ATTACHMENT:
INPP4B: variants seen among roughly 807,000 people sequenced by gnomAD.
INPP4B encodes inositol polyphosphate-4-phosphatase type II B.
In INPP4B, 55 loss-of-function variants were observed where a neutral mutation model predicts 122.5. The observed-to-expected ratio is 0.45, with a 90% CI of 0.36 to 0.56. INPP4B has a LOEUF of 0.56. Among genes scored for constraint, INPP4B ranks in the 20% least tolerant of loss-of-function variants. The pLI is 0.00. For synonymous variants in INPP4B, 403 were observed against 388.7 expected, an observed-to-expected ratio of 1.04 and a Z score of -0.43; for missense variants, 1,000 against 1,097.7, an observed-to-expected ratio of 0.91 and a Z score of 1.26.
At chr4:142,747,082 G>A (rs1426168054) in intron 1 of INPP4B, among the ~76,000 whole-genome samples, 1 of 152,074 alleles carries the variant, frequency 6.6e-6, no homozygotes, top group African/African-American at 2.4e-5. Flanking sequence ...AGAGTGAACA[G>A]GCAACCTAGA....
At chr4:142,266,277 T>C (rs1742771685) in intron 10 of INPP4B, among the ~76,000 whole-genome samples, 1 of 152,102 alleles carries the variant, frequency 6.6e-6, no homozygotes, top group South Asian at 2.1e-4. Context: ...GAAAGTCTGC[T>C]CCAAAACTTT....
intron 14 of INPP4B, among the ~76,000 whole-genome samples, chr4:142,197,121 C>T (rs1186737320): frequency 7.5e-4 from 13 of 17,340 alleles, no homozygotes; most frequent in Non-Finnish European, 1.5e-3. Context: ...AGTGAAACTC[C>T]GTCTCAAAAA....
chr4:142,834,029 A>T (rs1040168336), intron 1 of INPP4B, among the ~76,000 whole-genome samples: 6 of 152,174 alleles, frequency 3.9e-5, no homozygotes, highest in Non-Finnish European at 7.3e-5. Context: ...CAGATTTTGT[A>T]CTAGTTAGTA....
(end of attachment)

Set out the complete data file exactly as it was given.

INPP4B: variants seen among roughly 807,000 people sequenced by gnomAD.
INPP4B encodes inositol polyphosphate-4-phosphatase type II B.
In INPP4B, 55 loss-of-function variants were observed where a neutral mutation model predicts 122.5. The observed-to-expected ratio is 0.45, with a 90% CI of 0.36 to 0.56. INPP4B has a LOEUF of 0.56. Among genes scored for constraint, INPP4B ranks in the 20% least tolerant of loss-of-function variants. The pLI is 0.00. For synonymous variants in INPP4B, 403 were observed against 388.7 expected, an observed-to-expected ratio of 1.04 and a Z score of -0.43; for missense variants, 1,000 against 1,097.7, an observed-to-expected ratio of 0.91 and a Z score of 1.26.
At chr4:142,747,082 G>A (rs1426168054) in intron 1 of INPP4B, among the ~76,000 whole-genome samples, 1 of 152,074 alleles carries the variant, frequency 6.6e-6, no homozygotes, top group African/African-American at 2.4e-5. Flanking sequence ...AGAGTGAACA[G>A]GCAACCTAGA....
At chr4:142,266,277 T>C (rs1742771685) in intron 10 of INPP4B, among the ~76,000 whole-genome samples, 1 of 152,102 alleles carries the variant, frequency 6.6e-6, no homozygotes, top group South Asian at 2.1e-4. Context: ...GAAAGTCTGC[T>C]CCAAAACTTT....
intron 14 of INPP4B, among the ~76,000 whole-genome samples, chr4:142,197,121 C>T (rs1186737320): frequency 7.5e-4 from 13 of 17,340 alleles, no homozygotes; most frequent in Non-Finnish European, 1.5e-3. Context: ...AGTGAAACTC[C>T]GTCTCAAAAA....
chr4:142,834,029 A>T (rs1040168336), intron 1 of INPP4B, among the ~76,000 whole-genome samples: 6 of 152,174 alleles, frequency 3.9e-5, no homozygotes, highest in Non-Finnish European at 7.3e-5. Context: ...CAGATTTTGT[A>T]CTAGTTAGTA....